NORMAN — Strange times around Oklahoma football these days.
Unbridled excitement, courtesy of beating Alabama in the Sugar Bowl. A bunch of youthful veterans, a quarterback who outdueled A.J. McCarron, a defense Mike Stoops loves and a navigable schedule.
But also in the mix is the Shakespearian tragedy of Joe Mixon, on the heels of Dorial Green-Beckham and Frank Shannon, in an American sports landscape that suddenly is quite ready to shine a bright light on athletes’ violence against women.
It all makes for an odd feeling. Let the games begin, because the Sooners look to be loaded, but because of legal issues, we don’t even know who will be on the roster. Heck, OU has two No. 20s, Mixon and Shannon, in limbo.
The Sooners’ new team leader, quarterback Trevor Knight, offered a glimpse into the weird feeling.
“I hurt for ’em,” Knight said Saturday at OU Media Day, talking of teammates who have encountered trouble. “We all make mistakes. That’s just how you respond to it. Obviously, being an athlete, you have to put yourself on a pedestal and not do some things you shouldn’t and have a conscious mind about that.
“But things are going to happen. I’m not here to bash them or anything like that. I want to be there for them. That’s what everybody on our team is for. So I’m not on one side or the other. I hurt for them and hope they get back.”
Knight offered lots of support but felt compelled to straddle the fence a little and not take sides. That’s what happens when one teammate (Shannon) is accused of sexual assault, another (Green-Beckham) shows up from Missouri having been asked to leave in part because he allegedly pushed a woman down a flight of stairs and another (Mixon) is under police investigation after an altercation on Campus Corner in which a 20-year-old OU coed suffered severe facial injuries. Shannon and DGB are practicing with the Sooners, though the latter hasn’t been granted eligibility for 2014. Mixon is not practicing.
Bob Stoops on Saturday didn’t want to talk about Mixon, OU’s most acclaimed recruit since Adrian Peterson 10 years ago. Stoops didn’t talk about Mixon.
“The Joe Mixon situation that isn’t resolved yet, I’m unable to speak in regard to anything to do with that situation,” Stoops said.
But Stoops has a lot of pride. A lot of pride in his program and a lot of belief in what he does. So we still gathered a little insight into the Mixon situation, which enters its third week with no resolution.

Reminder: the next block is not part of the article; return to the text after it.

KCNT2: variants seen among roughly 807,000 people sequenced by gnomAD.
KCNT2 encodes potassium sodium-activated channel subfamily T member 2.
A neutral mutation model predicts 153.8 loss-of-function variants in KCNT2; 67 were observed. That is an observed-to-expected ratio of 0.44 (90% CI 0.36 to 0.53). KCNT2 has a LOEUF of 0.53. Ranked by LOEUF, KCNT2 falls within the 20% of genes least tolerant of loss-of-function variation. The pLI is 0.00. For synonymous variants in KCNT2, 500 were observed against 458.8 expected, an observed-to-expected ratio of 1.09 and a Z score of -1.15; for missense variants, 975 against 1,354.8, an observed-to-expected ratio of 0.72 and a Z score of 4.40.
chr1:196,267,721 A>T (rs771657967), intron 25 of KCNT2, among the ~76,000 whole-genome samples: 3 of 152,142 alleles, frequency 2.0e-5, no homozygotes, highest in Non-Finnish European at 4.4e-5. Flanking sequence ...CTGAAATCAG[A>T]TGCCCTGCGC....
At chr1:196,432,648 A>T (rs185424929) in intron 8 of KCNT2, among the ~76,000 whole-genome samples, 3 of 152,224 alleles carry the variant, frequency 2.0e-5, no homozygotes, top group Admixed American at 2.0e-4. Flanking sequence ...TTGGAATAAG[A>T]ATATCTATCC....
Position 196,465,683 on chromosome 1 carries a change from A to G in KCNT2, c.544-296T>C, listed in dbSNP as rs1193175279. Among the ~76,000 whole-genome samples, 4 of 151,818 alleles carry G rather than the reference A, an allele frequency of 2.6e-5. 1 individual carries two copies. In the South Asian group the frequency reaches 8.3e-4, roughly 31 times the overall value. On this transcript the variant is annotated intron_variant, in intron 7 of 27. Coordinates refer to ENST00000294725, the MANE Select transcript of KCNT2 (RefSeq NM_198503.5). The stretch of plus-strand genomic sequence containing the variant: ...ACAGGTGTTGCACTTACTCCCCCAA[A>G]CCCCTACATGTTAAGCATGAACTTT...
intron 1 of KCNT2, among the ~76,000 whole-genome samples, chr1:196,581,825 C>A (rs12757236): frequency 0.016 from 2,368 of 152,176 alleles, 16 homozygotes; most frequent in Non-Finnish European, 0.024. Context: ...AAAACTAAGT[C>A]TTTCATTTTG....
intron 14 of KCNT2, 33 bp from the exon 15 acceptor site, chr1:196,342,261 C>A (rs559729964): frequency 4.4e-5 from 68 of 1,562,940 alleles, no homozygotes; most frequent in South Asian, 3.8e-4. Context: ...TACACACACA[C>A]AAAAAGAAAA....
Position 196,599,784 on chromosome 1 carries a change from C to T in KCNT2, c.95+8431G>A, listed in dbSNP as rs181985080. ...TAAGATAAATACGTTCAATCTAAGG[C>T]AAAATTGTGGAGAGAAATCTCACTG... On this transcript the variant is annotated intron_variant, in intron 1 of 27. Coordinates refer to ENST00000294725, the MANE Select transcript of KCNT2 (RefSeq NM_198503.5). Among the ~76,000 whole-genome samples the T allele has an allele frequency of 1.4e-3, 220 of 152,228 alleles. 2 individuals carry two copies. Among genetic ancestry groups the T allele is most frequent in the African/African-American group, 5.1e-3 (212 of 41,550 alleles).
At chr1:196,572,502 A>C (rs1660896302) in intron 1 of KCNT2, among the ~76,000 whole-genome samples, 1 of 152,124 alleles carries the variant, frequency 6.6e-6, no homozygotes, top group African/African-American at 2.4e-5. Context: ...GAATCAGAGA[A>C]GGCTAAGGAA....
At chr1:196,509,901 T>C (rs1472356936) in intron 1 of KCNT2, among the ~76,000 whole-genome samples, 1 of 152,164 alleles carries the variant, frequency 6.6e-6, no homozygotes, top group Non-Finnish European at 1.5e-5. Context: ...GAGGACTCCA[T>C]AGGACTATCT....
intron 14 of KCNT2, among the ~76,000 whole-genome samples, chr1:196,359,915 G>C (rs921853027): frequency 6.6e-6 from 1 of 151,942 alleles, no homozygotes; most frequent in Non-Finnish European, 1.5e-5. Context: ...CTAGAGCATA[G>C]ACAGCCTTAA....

The entire state seems to have engaged in constant debate about what happened in the witching hour of July 25 and what now should happen to the tailback prodigy. Stoops won’t dignify the debate. But know this. He doesn’t take his responsibilities lightly. And that doesn’t mean just his responsibilities to the university.
“You can’t just get rid of kids,” Stoops said the other day. “You can’t throw them away like they’re a commodity. There’s a lot to consider.”
That’s not a sign that Mixon will carry the ball against Texas in nine weeks. It’s merely a sign that Stoops won’t cave in to public sentiment or won’t automatically sacrifice Mixon for the greater good of the Sooners’ image. Of course, some things are out of Stoops’ hands. The Shannon case is a university affair, with a Title IX investigation ongoing. It’s conceivable that Mixon’s case rises above Stoops’ head.
But Stoops stood by his program’s reputation. “I’ve been here 16 years, so there’s a long track record of what we’ve done,” Stoops said.
Of course, it’s Green-Beckham’s fortune — and Mixon’s misfortune — that DGB arrived in Norman before the Pickleman’s incident. Reverse the order, and Green-Beckham might not have been given an OU scholarship. Too much bad press. Even Stoops answers to president David Boren.
But DGB is here, and now it’s Mixon whose future is in limbo.
“Every situation’s different,” Stoops said Saturday, saying there “isn’t any line in the sand.”
Stoops said that he didn’t deliver any different message to his incoming team this season than any other year. “Not in particular, because we cover everything you can cover,” Stoops said. “And we have for going on 16 years.”
Maybe so. But Stoops’ tone and tenor had to be different. Had to be a little more forceful. Even for a coach who does not look upon his players as commodities and for a team that appears championship-caliber, this OU season is off to a start that’s far too uncomfortable.
Berry Tramel: Berry can be reached at (405) 760-8080 or at email@example.com. He can be heard Monday through Friday from 4:40-5:20 p.m. on The Sports Animal radio network, including FM-98.1. You can also view his personality page at newsok.com/berrytramel.
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